Victor Caratini Is a Top Ten Catching Prospect, and Should Help the Cubs Out This Season

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Victor Caratini Is a Top Ten Catching Prospect, and Should Help the Cubs Out This Season

Chicago Cubs

Victor Caratini is one of the more interesting Cubs prospects in a long time – at least, from a case study perspective.

As a 23-year-old switch-hitting catcher, Caratini hit Triple-A for the first time in 2017 … and he immediately dominated. In his 83 total games (326 plate appearances), Caratini slashed .342/.393/.558 (142 wRC+), with plenty of power (.216), patience (8.3 BB%), and no signs of being overmatched (14.7 K%).

And, again, he was just 23 years old (not too old for the level), a catcher (premium position), and a switch-hitter, who could also play first or third base in a pinch. So … why aren’t Cubs fans extremely stoked on him?

Well, for one, Caratini wasn’t drafted by the Cubs, he was taken by the Braves in the second round of the 2013 draft (where he was a top ten prospect for a while), before being traded to the Cubs in the Emilio Bonifacio/James Russell trade back in 2014. He hasn’t quite been obsessively in our minds in the same way as some other prospects.

For another, he hit Double-A (where he’d normally get a lot more attention) the year the Cubs won the World Series, and his *real* breakout only happened this past season, long after the COOKIES! wave of prospects arrived in Chicago.

And, of course, with a young catcher like Willson Contreras holding down the big league starting job, it’s not like Cubs fans are screaming for the catcher of the future.

But, still, the Cubs have a (now) 24-year-old switch-hitting catcher, who can play multiple positions, and has already succeeded immensely at the Triple-A level – the dude deserves some recognition right? Right:

Caratini was recently ranked as the 10th best catching prospect in all of baseball by MLB Pipeline, which is not only a nice honor for him, but also a really nice look for the Cubs’ organization as a whole (not that looks matter more than production, but the league-wide perception of a prospect/player is certainly important).

Caratini didn’t lead any of the individual top tools (best hitter, power, runner, etc), but he does figure to be one of just a few players who’ll actually contribute to his Major League team as soon as this season.

(Photo by Rob Tringali/Getty Images)

Caratini has already made his big league debut, even if he retains prospect eligibility. He joined the Cubs for a brief stint in June, and was up and down throughout the rest of the season, before being a permanent call-up in September. Overall, his 66-PA debut wasn’t great, though it did feature a .333 OBP and a sub-20% K rate in very limited, unpredictable exposure, and his gap power figures to play at the Major League level once he gets established.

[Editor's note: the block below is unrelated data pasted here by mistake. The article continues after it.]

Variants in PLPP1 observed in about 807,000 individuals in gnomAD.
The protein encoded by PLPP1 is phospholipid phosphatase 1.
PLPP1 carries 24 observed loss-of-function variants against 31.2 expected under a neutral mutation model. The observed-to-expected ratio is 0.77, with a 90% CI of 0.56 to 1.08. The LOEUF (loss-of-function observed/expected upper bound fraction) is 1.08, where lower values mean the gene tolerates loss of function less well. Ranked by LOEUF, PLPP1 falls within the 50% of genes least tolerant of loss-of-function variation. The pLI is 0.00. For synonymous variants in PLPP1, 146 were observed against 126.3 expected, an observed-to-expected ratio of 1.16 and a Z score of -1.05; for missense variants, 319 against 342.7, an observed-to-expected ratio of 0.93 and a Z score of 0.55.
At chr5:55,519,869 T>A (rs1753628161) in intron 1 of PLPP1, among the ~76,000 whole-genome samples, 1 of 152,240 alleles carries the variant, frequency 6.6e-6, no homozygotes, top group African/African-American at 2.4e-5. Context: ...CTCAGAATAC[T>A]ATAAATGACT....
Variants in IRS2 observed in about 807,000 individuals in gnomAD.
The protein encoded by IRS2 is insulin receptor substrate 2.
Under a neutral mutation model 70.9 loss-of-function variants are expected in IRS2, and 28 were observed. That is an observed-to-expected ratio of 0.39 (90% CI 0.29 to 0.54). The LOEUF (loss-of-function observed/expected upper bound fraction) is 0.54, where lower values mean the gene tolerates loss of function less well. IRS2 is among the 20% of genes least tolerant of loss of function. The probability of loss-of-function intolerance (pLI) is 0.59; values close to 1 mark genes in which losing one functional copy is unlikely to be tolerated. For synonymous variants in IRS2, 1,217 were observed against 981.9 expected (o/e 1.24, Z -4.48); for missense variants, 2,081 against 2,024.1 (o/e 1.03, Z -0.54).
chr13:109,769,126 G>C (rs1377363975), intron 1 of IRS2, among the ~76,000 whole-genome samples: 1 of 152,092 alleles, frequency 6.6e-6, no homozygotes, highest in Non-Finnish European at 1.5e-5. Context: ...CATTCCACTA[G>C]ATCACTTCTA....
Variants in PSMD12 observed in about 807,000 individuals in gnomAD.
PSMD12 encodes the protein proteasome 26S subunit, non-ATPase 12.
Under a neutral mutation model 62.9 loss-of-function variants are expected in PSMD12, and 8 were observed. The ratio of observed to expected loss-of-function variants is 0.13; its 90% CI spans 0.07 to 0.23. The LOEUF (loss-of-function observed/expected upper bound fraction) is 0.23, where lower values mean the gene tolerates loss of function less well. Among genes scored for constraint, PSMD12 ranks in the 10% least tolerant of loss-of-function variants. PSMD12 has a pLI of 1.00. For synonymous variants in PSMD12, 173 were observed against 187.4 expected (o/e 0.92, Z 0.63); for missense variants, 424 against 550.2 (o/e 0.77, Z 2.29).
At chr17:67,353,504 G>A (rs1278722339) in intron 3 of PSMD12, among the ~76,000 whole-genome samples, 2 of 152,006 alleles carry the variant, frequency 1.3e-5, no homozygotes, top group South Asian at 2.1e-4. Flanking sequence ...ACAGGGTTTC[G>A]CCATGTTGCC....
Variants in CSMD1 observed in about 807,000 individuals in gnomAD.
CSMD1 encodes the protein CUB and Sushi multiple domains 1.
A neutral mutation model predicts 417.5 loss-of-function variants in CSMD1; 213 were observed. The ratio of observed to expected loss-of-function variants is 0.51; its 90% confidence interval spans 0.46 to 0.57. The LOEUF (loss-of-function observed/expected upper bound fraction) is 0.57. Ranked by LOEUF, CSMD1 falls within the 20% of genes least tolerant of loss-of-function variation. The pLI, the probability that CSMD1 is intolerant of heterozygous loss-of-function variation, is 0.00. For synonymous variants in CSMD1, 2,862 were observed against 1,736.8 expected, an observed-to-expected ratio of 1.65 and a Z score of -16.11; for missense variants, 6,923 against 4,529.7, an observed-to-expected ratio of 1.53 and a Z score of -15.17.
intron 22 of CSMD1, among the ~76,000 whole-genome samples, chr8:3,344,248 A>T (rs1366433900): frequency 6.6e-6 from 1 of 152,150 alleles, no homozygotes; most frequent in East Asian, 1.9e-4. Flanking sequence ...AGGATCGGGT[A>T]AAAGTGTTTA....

But will he be the Cubs’ singular backup catcher this season? Well, Jim Callis (MLB Pipeline) seems to think so – and I certainly hope he plays well enough to merit it (we’ll get to that in a minute) – but I’m still not sure that it’ll happen. If this were any other offseason, and the Cubs still hadn’t added a backup catcher to replace Rene Rivera/Alex Avila/Miguel Montero, I’d say, “Duh, it’s going to be Caratini,” but as we know, the offseason isn’t over yet. And while Caratini could do well, a free agent veteran like Alex Avila, whose bat is more of a sure thing and whose experience can help guide Contreras through yet another year of simultaneous growth and contention, seems to make more sense to this front office.

But again, I see the value in Caratini. If the Cubs paired him up with Contreras, they may miss out on some growth and experienced leadership, but would gain some serious versatility. Like we discussed, Caratini isn’t just a switch hitter, he’s also capable of backing up the corner infield spots. For a manager like Joe Maddon, I’m guessing the prospect of having three switch-hitters (Ian Happ, Ben Zobrist, and Victor Caratini) to go with three players capable of catching (the right-handed Contreras, the switch-hitting Caratini, and the left-handed Kyle Schwarber), and a backup catcher who can cover elsewhere is downright salivating. I’m not sure it’s the way the Cubs will go, but it’s far from a bad backup-backup plan.

In any case, it’s great to see Caratini get some league-wide recognition, and I’d expect to see more of him throughout the season one way or another. He’s got talent and time on his side, which means the Cubs have one more valuable youngster.

Author: Michael Cerami

Michael Cerami covers the Chicago Cubs, Bears, and Bulls at Bleacher Nation. You can find him on Twitter @Michael_Cerami